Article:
Recap – Money 20/20 Europe
This fall, in person events were back (with the proper precautions, of course). TripleBlind recently sent COO Greg Storm, Director Partnerships Sam Abadir, and Manager of Marketing and Business Development Mitchell Roberts to Amsterdam for the largest financial services event in Europe: Money 20/20.
There, the team set up shop in this beautifully TripleBlind-branded booth (see picture below), where they met with financial services organizations dealing with data sharing issues that are either halting their current goals or preventing the pursuit of value-adding, revenue generating projects.
At the center of many of these discussions was Greg Storm, who co-founded TripleBlind just under two years ago to address these exact issues. When he wasn’t hosting thought-provoking conversations exploring the in-and-outs of data privacy, Greg interviewed with Open Banking Excellence, a community of Open Banking and Open Finance pioneers, giving his expert opinion on what it will take to allow consumers to gain control over their financial information. You can watch the interview here.
Greg was also invited to participate in a private think tank with industry leaders. The attendees and panelists were hand-picked to discuss the topic: “The future is trustless. What do we need instead?”
Taking place in a cozy speakeasy complete with leather couches, an open bar, and a refreshing absence of glowing screens, the session resembled the Prohibition-era hidden bars in the United States, which attracted people with provisions of banned libations, but sparked incredible discussions on modern issues, as patrons were shielded for just a moment from the distractions of the outside world.
The session was moderated by Dave Birch (Global Ambassador, Consult Hyperion), a well-known thought leader in the field of fintech. Dave asked the panelists difficult questions on the what and the how of trust as it relates to personal data.
Co-panelists Louise Maynard Atem, Research Lead, Women in Identity; Felix Gerlach, CPO & Co-Founder, Passbase; and Katryna Dow, CEO and Founder, Meeco contributed their knowledge and experience gained from varying backgrounds to the future-facing discussion. A report documenting their discussion can be found here.
The learnings were encouraging. The group agreed that something must change to give end-consumers more control over their data. At one point Greg exclaimed, “It bothers me that, in order to view my Uber rating, which is information that should be owned by me, I have to log on to Uber to see it – and if I want to share it with someone else, Uber controls that, too.”
Other parts of the discussion focused on questioning the role of identity verification in the complex modern world. Is proving your identity sufficient or even relevant? In many cases, it is not. Sticking with the bar example, consider a bar looking to avoid serving alcohol to underage patrons. The bartenders do not need to know or care about the identity of the individual, but rather they need to know for certain that the individual is either above or below the age threshold for being served an alcoholic beverage. There are many such examples, begging the question, why is proving identity more important than proving characteristics or facts about oneself? Of course, identity verification still plays a vital role in certain scenarios, but clearly, there is work to be done in this area.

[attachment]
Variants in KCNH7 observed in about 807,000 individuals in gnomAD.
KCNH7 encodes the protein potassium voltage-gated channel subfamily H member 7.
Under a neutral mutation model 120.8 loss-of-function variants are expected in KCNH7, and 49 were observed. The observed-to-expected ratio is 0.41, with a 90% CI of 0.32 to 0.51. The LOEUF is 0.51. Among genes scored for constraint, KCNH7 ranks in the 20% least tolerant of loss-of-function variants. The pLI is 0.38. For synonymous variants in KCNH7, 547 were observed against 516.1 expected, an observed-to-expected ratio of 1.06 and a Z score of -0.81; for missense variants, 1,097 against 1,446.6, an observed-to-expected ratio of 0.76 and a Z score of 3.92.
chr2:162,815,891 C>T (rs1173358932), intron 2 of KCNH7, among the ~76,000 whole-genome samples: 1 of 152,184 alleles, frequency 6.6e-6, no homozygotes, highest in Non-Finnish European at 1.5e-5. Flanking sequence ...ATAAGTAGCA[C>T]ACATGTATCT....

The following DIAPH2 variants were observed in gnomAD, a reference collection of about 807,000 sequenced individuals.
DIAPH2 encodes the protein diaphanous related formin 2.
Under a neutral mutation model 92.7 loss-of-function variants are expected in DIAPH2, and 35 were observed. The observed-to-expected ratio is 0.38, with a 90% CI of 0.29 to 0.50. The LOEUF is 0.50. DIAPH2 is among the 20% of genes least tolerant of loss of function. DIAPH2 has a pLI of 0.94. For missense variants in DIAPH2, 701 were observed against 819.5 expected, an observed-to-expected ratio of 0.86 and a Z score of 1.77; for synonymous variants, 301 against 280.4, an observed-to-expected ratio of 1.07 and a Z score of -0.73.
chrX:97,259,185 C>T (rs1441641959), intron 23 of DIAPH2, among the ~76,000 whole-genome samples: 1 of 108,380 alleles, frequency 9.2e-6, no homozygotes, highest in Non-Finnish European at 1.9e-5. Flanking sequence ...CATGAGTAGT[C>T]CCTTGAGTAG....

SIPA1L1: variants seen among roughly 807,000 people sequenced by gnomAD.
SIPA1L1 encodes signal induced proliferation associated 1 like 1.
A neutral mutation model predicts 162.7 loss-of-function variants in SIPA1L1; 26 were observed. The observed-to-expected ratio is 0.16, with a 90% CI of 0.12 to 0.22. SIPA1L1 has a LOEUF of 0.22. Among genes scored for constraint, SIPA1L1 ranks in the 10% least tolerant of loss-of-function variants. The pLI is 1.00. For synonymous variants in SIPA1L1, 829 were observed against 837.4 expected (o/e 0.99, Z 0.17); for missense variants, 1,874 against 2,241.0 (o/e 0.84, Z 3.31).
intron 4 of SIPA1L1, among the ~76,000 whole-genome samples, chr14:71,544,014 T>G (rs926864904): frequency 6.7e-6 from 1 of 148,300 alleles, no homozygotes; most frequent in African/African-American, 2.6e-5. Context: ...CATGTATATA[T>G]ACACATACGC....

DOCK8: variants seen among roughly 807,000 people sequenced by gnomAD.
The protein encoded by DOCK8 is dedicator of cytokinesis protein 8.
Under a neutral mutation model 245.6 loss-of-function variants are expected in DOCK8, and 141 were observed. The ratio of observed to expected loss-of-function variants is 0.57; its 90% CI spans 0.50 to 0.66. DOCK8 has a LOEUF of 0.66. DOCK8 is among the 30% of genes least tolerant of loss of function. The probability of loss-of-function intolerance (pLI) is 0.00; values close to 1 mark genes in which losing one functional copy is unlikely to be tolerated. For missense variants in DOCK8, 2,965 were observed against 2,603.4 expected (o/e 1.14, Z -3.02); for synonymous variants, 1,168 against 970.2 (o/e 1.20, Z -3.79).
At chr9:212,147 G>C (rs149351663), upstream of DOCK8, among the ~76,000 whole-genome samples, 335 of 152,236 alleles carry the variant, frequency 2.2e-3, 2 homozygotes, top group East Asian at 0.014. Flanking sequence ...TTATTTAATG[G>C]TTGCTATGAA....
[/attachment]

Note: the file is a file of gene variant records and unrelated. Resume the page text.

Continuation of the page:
The mechanisms for achieving those results, though, are where things get interesting. How do we give data controls back to individuals without halting progress and innovation? If people have the ability to choose where their data goes and how it is used, won’t they just choose to keep it locked down and private? How do people prove characteristics about themselves without first telling you who they are? That sounds like magic.
That’s where TripleBlind comes in. Our solution allows for data to be “shared” without being transmitted, meaning insights can be gleaned from data that sits comfortably and safely behind a firewall, in the cloud or on premise. In the past, it was impossible to compute over encrypted data without having access to a secret key that decrypts the data. TripleBlind’s breakthroughs mean that the secret key is never even created, and the data is still computable! It’s not magic – it’s mathematically verified one-way encryption. And, it’s the future of data sharing.
By integrating with TripleBlind, platforms designed to allow consumer-control over their data will be equipped with the privacy-preserving tools they need to execute data operations, approved by the consumer, without transmitting any of their data to a third party. Individual features can be proven the same way an identity is proven, in a way that eliminates the trust requirement. Innovation continues, or even accelerates. Privacy is enforced.
It is clear that these problems must be solved in the near future, as the data ecosystem reaches an inflection point on the plot of innovation versus privacy. Listening to experts who tackle aspects of these issues in their daily ventures reinforces that A. the right people are putting their heads together and remaining open-minded about potential solutions, and B. we are getting very close to solving these issues.
We’re excited to be critically involved in this important moment for financial services, and can’t wait for the next opportunity to discuss data privacy with other thought leaders around the world.
If you are interested in further discussing these topics, please reach out to us here!